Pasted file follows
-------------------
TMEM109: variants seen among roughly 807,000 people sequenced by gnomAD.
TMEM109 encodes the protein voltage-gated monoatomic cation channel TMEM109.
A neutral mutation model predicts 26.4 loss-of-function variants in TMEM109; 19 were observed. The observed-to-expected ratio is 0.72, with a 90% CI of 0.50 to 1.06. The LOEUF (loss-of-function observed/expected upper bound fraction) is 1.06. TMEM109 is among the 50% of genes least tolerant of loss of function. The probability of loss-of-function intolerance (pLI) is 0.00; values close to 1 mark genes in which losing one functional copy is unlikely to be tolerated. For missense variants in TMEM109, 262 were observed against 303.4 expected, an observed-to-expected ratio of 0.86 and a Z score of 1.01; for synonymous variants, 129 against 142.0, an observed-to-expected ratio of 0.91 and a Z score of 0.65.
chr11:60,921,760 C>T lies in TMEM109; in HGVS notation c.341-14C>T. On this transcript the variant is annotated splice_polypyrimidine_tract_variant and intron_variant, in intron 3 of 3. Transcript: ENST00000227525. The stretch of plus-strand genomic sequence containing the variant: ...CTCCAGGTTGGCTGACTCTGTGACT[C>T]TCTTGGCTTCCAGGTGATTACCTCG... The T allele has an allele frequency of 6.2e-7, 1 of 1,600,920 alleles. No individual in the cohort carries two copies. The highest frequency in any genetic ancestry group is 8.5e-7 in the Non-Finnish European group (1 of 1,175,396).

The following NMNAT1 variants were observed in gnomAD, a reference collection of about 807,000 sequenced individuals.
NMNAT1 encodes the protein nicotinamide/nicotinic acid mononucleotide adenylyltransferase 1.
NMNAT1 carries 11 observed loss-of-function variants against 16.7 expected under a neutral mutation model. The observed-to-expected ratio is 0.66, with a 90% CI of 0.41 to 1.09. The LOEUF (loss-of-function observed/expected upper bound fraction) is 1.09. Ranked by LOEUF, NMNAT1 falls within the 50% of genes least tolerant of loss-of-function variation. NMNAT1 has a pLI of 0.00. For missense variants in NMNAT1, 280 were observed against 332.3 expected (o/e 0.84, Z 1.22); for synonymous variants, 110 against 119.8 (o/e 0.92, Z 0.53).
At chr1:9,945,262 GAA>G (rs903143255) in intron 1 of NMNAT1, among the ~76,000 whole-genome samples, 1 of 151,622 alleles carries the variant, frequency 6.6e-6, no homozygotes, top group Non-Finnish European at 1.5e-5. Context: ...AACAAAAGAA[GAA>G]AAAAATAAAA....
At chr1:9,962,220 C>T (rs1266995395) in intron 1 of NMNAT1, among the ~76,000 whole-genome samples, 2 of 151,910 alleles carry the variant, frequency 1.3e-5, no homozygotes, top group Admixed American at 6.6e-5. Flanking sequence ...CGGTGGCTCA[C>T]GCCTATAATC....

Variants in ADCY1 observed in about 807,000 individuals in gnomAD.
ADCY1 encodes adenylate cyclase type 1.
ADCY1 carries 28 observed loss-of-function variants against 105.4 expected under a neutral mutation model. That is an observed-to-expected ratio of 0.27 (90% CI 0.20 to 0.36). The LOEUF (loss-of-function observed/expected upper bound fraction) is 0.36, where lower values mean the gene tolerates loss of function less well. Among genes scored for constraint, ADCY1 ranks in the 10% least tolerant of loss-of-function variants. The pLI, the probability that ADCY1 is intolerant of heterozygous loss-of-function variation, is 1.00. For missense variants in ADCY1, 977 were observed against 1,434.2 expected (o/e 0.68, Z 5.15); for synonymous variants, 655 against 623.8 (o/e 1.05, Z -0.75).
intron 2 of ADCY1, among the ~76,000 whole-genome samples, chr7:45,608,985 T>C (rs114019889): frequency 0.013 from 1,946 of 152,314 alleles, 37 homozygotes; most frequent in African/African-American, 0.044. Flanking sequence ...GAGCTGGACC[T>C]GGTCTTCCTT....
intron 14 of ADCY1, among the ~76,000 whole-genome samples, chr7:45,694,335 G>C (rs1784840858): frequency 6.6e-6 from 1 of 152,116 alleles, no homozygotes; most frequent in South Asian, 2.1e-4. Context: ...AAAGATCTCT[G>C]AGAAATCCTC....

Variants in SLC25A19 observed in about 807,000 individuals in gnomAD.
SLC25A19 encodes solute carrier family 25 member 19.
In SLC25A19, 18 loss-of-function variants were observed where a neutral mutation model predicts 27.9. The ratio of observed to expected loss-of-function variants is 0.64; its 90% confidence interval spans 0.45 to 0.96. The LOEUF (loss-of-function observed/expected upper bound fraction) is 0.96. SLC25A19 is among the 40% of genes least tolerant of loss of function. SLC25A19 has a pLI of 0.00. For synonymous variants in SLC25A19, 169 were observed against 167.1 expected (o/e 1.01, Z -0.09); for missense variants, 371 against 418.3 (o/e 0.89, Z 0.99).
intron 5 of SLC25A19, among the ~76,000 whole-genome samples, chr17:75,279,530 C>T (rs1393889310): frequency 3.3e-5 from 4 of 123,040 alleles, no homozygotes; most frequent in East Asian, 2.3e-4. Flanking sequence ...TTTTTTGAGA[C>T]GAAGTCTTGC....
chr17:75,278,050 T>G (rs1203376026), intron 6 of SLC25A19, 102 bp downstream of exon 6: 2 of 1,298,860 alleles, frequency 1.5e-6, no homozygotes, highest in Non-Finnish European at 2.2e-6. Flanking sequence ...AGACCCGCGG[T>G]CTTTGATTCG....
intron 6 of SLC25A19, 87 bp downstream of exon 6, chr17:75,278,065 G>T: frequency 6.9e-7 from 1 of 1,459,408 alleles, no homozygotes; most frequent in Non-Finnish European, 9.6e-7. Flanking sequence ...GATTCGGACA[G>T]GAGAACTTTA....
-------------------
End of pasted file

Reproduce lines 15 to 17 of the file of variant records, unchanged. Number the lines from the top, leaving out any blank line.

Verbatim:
Variants in SLC25A19 observed in about 807,000 individuals in gnomAD.
SLC25A19 encodes solute carrier family 25 member 19.
In SLC25A19, 18 loss-of-function variants were observed where a neutral mutation model predicts 27.9. The ratio of observed to expected loss-of-function variants is 0.64; its 90% confidence interval spans 0.45 to 0.96. The LOEUF (loss-of-function observed/expected upper bound fraction) is 0.96. SLC25A19 is among the 40% of genes least tolerant of loss of function. SLC25A19 has a pLI of 0.00. For synonymous variants in SLC25A19, 169 were observed against 167.1 expected (o/e 1.01, Z -0.09); for missense variants, 371 against 418.3 (o/e 0.89, Z 0.99).